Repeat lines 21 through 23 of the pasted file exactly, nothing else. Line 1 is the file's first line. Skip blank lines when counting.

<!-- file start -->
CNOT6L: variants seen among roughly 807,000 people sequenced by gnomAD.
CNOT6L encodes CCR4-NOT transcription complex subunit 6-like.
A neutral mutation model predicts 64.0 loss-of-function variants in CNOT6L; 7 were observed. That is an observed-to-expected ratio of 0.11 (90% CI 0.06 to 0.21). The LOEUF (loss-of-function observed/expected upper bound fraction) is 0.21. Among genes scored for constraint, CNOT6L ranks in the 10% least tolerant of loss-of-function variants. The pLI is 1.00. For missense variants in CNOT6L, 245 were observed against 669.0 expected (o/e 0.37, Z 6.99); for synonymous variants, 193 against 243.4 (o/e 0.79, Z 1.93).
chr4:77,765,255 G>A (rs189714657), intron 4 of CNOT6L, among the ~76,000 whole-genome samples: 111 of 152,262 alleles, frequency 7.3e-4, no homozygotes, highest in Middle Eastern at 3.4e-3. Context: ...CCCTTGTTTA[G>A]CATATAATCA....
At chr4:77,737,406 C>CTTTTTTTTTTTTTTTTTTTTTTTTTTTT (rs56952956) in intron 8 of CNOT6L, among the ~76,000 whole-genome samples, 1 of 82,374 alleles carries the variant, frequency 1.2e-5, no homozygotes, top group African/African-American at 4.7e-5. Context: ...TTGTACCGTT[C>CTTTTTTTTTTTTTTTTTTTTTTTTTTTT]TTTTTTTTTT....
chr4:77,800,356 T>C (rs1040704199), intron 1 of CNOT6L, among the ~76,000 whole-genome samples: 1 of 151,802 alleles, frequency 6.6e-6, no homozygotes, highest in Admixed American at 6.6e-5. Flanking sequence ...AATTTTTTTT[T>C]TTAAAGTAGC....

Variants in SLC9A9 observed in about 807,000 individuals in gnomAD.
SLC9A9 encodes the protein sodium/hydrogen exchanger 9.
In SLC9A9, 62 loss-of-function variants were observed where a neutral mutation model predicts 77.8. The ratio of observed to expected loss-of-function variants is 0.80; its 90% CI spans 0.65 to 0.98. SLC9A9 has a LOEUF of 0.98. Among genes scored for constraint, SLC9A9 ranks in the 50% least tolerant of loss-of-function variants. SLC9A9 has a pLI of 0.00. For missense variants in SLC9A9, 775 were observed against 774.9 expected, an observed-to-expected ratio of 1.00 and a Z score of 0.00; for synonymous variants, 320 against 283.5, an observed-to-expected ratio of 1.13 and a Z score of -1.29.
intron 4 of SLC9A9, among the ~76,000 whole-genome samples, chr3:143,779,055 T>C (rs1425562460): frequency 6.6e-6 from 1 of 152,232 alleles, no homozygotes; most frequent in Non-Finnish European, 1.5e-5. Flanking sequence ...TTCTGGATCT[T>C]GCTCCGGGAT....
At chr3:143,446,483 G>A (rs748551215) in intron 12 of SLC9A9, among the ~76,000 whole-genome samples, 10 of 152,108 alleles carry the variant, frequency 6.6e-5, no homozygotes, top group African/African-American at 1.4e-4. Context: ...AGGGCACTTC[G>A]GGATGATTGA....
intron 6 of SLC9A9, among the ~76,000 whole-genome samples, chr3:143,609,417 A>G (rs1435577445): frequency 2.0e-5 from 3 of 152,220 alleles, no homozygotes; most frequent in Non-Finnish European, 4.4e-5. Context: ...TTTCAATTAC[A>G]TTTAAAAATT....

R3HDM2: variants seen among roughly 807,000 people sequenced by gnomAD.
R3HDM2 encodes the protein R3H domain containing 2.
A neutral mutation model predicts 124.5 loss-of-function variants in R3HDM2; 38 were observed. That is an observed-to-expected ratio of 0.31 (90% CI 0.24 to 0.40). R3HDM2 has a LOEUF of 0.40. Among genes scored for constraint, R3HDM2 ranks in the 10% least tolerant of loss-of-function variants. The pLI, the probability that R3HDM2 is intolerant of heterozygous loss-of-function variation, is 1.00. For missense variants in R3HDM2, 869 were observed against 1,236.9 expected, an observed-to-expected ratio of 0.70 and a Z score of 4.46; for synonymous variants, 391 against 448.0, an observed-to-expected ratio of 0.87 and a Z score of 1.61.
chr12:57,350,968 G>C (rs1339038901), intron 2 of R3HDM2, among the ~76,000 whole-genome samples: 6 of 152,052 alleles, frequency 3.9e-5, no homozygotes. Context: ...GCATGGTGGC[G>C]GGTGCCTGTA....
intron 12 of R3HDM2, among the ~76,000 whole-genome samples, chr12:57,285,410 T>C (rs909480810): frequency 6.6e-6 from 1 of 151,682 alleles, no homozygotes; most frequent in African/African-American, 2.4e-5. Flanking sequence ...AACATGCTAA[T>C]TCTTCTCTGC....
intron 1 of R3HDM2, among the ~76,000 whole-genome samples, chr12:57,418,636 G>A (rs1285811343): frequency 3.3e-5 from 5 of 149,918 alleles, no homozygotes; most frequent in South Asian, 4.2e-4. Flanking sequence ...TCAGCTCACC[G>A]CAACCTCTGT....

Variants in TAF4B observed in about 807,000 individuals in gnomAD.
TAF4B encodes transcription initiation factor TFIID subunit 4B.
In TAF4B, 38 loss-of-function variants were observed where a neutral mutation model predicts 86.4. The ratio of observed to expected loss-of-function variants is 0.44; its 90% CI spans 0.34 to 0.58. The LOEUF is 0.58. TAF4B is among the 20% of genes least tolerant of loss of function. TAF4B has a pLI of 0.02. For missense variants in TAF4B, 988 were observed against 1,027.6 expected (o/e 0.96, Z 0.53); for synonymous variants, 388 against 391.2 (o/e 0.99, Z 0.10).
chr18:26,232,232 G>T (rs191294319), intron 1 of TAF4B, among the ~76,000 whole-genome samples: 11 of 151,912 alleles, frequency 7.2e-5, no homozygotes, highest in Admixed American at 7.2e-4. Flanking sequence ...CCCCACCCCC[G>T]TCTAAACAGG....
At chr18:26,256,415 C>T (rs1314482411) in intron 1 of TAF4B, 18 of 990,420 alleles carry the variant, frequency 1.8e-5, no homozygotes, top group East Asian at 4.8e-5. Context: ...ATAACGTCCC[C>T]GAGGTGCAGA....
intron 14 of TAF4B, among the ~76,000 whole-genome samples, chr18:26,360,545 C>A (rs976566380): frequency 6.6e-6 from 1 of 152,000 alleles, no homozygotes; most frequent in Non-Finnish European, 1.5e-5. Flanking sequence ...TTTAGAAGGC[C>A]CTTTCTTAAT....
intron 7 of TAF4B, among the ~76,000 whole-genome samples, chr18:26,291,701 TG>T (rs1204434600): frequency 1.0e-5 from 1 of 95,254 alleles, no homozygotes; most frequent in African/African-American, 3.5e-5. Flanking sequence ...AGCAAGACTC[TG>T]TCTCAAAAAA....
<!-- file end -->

In TAF4B, 38 loss-of-function variants were observed where a neutral mutation model predicts 86.4. The ratio of observed to expected loss-of-function variants is 0.44; its 90% CI spans 0.34 to 0.58. The LOEUF is 0.58. TAF4B is among the 20% of genes least tolerant of loss of function. TAF4B has a pLI of 0.02. For missense variants in TAF4B, 988 were observed against 1,027.6 expected (o/e 0.96, Z 0.53); for synonymous variants, 388 against 391.2 (o/e 0.99, Z 0.10).
chr18:26,232,232 G>T (rs191294319), intron 1 of TAF4B, among the ~76,000 whole-genome samples: 11 of 151,912 alleles, frequency 7.2e-5, no homozygotes, highest in Admixed American at 7.2e-4. Flanking sequence ...CCCCACCCCC[G>T]TCTAAACAGG....
At chr18:26,256,415 C>T (rs1314482411) in intron 1 of TAF4B, 18 of 990,420 alleles carry the variant, frequency 1.8e-5, no homozygotes, top group East Asian at 4.8e-5. Context: ...ATAACGTCCC[C>T]GAGGTGCAGA....